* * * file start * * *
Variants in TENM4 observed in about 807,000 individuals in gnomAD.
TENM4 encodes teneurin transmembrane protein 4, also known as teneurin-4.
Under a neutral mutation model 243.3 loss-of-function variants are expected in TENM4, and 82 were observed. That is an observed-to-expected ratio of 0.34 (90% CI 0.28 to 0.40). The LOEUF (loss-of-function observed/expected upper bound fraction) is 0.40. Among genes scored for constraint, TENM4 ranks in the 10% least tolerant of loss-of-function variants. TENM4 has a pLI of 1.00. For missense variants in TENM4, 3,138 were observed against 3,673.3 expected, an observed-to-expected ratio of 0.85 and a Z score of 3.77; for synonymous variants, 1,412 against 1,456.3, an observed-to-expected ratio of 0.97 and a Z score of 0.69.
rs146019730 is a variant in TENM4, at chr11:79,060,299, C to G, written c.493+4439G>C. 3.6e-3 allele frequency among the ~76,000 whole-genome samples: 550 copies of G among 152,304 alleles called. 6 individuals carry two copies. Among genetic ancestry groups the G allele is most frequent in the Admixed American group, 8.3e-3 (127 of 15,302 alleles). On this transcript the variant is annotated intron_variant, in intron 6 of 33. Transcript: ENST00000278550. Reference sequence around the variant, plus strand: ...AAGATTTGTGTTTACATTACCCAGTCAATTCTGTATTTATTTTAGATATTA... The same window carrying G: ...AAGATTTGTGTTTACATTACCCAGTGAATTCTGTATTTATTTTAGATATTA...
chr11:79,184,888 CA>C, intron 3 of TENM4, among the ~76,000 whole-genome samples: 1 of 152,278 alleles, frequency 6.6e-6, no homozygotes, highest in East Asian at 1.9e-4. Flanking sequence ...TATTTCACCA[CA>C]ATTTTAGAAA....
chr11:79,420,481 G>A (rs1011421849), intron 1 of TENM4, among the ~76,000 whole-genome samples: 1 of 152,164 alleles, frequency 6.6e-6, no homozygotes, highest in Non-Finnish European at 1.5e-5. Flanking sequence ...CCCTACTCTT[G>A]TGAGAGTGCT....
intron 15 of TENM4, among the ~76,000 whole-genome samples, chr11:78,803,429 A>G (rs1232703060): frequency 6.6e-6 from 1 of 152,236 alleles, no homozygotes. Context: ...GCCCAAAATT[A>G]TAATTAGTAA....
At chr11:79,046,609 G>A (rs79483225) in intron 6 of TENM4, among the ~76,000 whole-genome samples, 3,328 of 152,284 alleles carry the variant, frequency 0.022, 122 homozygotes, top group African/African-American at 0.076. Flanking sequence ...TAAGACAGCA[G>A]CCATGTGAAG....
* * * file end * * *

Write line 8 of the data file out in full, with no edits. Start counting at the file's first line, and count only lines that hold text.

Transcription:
At chr11:79,046,609 G>A (rs79483225) in intron 6 of TENM4, among the ~76,000 whole-genome samples, 3,328 of 152,284 alleles carry the variant, frequency 0.022, 122 homozygotes, top group African/African-American at 0.076. Flanking sequence ...TAAGACAGCA[G>A]CCATGTGAAG....